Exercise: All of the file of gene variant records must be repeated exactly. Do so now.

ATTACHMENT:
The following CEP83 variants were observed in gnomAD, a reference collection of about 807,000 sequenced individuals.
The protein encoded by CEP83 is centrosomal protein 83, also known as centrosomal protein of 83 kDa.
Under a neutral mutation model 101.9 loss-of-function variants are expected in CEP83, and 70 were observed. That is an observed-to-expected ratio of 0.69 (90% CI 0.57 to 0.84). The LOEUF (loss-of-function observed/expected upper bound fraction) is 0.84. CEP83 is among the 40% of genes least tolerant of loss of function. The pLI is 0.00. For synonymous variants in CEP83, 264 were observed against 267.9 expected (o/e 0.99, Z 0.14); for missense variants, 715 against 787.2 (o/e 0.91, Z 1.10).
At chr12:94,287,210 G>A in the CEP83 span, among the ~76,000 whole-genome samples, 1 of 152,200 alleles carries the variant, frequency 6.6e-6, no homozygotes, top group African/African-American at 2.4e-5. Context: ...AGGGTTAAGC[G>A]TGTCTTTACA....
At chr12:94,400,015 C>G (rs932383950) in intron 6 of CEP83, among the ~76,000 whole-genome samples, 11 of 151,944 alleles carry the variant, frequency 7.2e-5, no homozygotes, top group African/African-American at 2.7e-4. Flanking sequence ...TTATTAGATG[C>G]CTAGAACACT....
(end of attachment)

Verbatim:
The following CEP83 variants were observed in gnomAD, a reference collection of about 807,000 sequenced individuals.
The protein encoded by CEP83 is centrosomal protein 83, also known as centrosomal protein of 83 kDa.
Under a neutral mutation model 101.9 loss-of-function variants are expected in CEP83, and 70 were observed. That is an observed-to-expected ratio of 0.69 (90% CI 0.57 to 0.84). The LOEUF (loss-of-function observed/expected upper bound fraction) is 0.84. CEP83 is among the 40% of genes least tolerant of loss of function. The pLI is 0.00. For synonymous variants in CEP83, 264 were observed against 267.9 expected (o/e 0.99, Z 0.14); for missense variants, 715 against 787.2 (o/e 0.91, Z 1.10).
At chr12:94,287,210 G>A in the CEP83 span, among the ~76,000 whole-genome samples, 1 of 152,200 alleles carries the variant, frequency 6.6e-6, no homozygotes, top group African/African-American at 2.4e-5. Context: ...AGGGTTAAGC[G>A]TGTCTTTACA....
At chr12:94,400,015 C>G (rs932383950) in intron 6 of CEP83, among the ~76,000 whole-genome samples, 11 of 151,944 alleles carry the variant, frequency 7.2e-5, no homozygotes, top group African/African-American at 2.7e-4. Flanking sequence ...TTATTAGATG[C>G]CTAGAACACT....